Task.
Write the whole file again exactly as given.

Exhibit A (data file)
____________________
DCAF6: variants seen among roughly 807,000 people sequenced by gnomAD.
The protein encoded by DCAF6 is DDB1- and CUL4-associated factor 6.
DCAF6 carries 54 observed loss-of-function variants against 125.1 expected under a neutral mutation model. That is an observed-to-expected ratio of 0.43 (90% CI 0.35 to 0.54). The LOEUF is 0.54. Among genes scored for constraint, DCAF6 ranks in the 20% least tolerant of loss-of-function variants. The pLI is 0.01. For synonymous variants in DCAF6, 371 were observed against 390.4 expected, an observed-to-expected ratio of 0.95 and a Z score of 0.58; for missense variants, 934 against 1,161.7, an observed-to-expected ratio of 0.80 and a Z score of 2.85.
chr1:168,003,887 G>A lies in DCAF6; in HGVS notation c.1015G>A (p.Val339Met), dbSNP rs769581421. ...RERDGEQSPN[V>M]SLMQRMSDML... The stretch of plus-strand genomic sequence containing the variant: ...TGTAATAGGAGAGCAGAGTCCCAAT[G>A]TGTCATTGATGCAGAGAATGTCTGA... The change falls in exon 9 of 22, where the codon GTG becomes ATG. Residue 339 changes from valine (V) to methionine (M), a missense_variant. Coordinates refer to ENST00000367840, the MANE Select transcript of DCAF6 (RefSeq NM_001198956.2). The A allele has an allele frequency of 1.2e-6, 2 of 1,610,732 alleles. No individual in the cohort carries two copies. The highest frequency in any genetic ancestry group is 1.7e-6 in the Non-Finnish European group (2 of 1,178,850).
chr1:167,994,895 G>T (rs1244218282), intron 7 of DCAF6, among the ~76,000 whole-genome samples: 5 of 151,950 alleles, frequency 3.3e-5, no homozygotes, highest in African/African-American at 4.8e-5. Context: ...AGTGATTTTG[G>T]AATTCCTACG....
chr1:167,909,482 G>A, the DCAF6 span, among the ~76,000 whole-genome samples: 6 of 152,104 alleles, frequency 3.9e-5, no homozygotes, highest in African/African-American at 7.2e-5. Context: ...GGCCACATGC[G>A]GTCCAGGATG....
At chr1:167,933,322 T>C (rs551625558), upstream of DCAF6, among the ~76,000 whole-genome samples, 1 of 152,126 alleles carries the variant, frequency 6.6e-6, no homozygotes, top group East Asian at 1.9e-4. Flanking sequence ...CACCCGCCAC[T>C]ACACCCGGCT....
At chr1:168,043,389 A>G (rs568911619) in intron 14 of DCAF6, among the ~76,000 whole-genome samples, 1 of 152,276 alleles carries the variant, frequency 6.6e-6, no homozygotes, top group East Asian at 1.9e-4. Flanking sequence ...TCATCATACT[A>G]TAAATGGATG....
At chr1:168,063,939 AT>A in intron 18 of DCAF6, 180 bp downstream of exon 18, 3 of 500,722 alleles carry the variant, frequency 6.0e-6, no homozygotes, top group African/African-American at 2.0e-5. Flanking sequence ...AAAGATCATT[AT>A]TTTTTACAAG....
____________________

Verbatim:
DCAF6: variants seen among roughly 807,000 people sequenced by gnomAD.
The protein encoded by DCAF6 is DDB1- and CUL4-associated factor 6.
DCAF6 carries 54 observed loss-of-function variants against 125.1 expected under a neutral mutation model. That is an observed-to-expected ratio of 0.43 (90% CI 0.35 to 0.54). The LOEUF is 0.54. Among genes scored for constraint, DCAF6 ranks in the 20% least tolerant of loss-of-function variants. The pLI is 0.01. For synonymous variants in DCAF6, 371 were observed against 390.4 expected, an observed-to-expected ratio of 0.95 and a Z score of 0.58; for missense variants, 934 against 1,161.7, an observed-to-expected ratio of 0.80 and a Z score of 2.85.
chr1:168,003,887 G>A lies in DCAF6; in HGVS notation c.1015G>A (p.Val339Met), dbSNP rs769581421. ...RERDGEQSPN[V>M]SLMQRMSDML... The stretch of plus-strand genomic sequence containing the variant: ...TGTAATAGGAGAGCAGAGTCCCAAT[G>A]TGTCATTGATGCAGAGAATGTCTGA... The change falls in exon 9 of 22, where the codon GTG becomes ATG. Residue 339 changes from valine (V) to methionine (M), a missense_variant. Coordinates refer to ENST00000367840, the MANE Select transcript of DCAF6 (RefSeq NM_001198956.2). The A allele has an allele frequency of 1.2e-6, 2 of 1,610,732 alleles. No individual in the cohort carries two copies. The highest frequency in any genetic ancestry group is 1.7e-6 in the Non-Finnish European group (2 of 1,178,850).
chr1:167,994,895 G>T (rs1244218282), intron 7 of DCAF6, among the ~76,000 whole-genome samples: 5 of 151,950 alleles, frequency 3.3e-5, no homozygotes, highest in African/African-American at 4.8e-5. Context: ...AGTGATTTTG[G>T]AATTCCTACG....
chr1:167,909,482 G>A, the DCAF6 span, among the ~76,000 whole-genome samples: 6 of 152,104 alleles, frequency 3.9e-5, no homozygotes, highest in African/African-American at 7.2e-5. Context: ...GGCCACATGC[G>A]GTCCAGGATG....
At chr1:167,933,322 T>C (rs551625558), upstream of DCAF6, among the ~76,000 whole-genome samples, 1 of 152,126 alleles carries the variant, frequency 6.6e-6, no homozygotes, top group East Asian at 1.9e-4. Flanking sequence ...CACCCGCCAC[T>C]ACACCCGGCT....
At chr1:168,043,389 A>G (rs568911619) in intron 14 of DCAF6, among the ~76,000 whole-genome samples, 1 of 152,276 alleles carries the variant, frequency 6.6e-6, no homozygotes, top group East Asian at 1.9e-4. Flanking sequence ...TCATCATACT[A>G]TAAATGGATG....
At chr1:168,063,939 AT>A in intron 18 of DCAF6, 180 bp downstream of exon 18, 3 of 500,722 alleles carry the variant, frequency 6.0e-6, no homozygotes, top group African/African-American at 2.0e-5. Flanking sequence ...AAAGATCATT[AT>A]TTTTTACAAG....